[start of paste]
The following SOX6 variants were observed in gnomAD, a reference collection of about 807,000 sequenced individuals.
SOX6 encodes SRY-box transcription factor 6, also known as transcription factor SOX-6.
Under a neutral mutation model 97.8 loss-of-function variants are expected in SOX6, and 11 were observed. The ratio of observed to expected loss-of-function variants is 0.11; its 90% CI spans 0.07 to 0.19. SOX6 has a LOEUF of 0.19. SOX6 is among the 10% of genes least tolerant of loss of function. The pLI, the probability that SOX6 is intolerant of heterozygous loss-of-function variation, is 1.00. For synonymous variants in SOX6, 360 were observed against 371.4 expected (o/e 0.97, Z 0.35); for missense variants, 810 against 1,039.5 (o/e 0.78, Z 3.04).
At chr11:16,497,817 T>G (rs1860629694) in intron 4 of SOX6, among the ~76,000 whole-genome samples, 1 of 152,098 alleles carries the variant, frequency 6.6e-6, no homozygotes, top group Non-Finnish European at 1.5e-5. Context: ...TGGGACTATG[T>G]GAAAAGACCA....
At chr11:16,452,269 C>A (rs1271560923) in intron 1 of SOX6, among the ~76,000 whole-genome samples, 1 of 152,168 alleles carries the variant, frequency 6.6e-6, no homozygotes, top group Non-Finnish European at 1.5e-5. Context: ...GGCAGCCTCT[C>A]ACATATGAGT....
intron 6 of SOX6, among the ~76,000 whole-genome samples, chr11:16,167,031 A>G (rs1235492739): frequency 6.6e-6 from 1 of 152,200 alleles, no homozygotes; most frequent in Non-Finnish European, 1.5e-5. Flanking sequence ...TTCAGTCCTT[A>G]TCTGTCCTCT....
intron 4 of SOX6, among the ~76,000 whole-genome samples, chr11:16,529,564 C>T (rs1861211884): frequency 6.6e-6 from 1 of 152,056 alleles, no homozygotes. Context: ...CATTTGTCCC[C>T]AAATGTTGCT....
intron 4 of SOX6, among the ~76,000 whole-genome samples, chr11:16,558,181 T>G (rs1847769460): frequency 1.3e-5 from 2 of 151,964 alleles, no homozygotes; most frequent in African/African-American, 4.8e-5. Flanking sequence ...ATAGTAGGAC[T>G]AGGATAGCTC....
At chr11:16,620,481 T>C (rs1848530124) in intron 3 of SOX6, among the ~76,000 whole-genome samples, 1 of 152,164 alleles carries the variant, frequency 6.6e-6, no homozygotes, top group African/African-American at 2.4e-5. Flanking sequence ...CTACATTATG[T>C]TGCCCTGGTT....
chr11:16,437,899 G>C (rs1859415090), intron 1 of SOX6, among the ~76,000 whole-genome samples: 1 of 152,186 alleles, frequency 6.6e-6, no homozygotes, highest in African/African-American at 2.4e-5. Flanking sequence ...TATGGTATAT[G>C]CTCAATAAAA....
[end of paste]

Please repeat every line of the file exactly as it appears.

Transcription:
The following SOX6 variants were observed in gnomAD, a reference collection of about 807,000 sequenced individuals.
SOX6 encodes SRY-box transcription factor 6, also known as transcription factor SOX-6.
Under a neutral mutation model 97.8 loss-of-function variants are expected in SOX6, and 11 were observed. The ratio of observed to expected loss-of-function variants is 0.11; its 90% CI spans 0.07 to 0.19. SOX6 has a LOEUF of 0.19. SOX6 is among the 10% of genes least tolerant of loss of function. The pLI, the probability that SOX6 is intolerant of heterozygous loss-of-function variation, is 1.00. For synonymous variants in SOX6, 360 were observed against 371.4 expected (o/e 0.97, Z 0.35); for missense variants, 810 against 1,039.5 (o/e 0.78, Z 3.04).
At chr11:16,497,817 T>G (rs1860629694) in intron 4 of SOX6, among the ~76,000 whole-genome samples, 1 of 152,098 alleles carries the variant, frequency 6.6e-6, no homozygotes, top group Non-Finnish European at 1.5e-5. Context: ...TGGGACTATG[T>G]GAAAAGACCA....
At chr11:16,452,269 C>A (rs1271560923) in intron 1 of SOX6, among the ~76,000 whole-genome samples, 1 of 152,168 alleles carries the variant, frequency 6.6e-6, no homozygotes, top group Non-Finnish European at 1.5e-5. Context: ...GGCAGCCTCT[C>A]ACATATGAGT....
intron 6 of SOX6, among the ~76,000 whole-genome samples, chr11:16,167,031 A>G (rs1235492739): frequency 6.6e-6 from 1 of 152,200 alleles, no homozygotes; most frequent in Non-Finnish European, 1.5e-5. Flanking sequence ...TTCAGTCCTT[A>G]TCTGTCCTCT....
intron 4 of SOX6, among the ~76,000 whole-genome samples, chr11:16,529,564 C>T (rs1861211884): frequency 6.6e-6 from 1 of 152,056 alleles, no homozygotes. Context: ...CATTTGTCCC[C>T]AAATGTTGCT....
intron 4 of SOX6, among the ~76,000 whole-genome samples, chr11:16,558,181 T>G (rs1847769460): frequency 1.3e-5 from 2 of 151,964 alleles, no homozygotes; most frequent in African/African-American, 4.8e-5. Flanking sequence ...ATAGTAGGAC[T>G]AGGATAGCTC....
At chr11:16,620,481 T>C (rs1848530124) in intron 3 of SOX6, among the ~76,000 whole-genome samples, 1 of 152,164 alleles carries the variant, frequency 6.6e-6, no homozygotes, top group African/African-American at 2.4e-5. Flanking sequence ...CTACATTATG[T>C]TGCCCTGGTT....
chr11:16,437,899 G>C (rs1859415090), intron 1 of SOX6, among the ~76,000 whole-genome samples: 1 of 152,186 alleles, frequency 6.6e-6, no homozygotes, highest in African/African-American at 2.4e-5. Flanking sequence ...TATGGTATAT[G>C]CTCAATAAAA....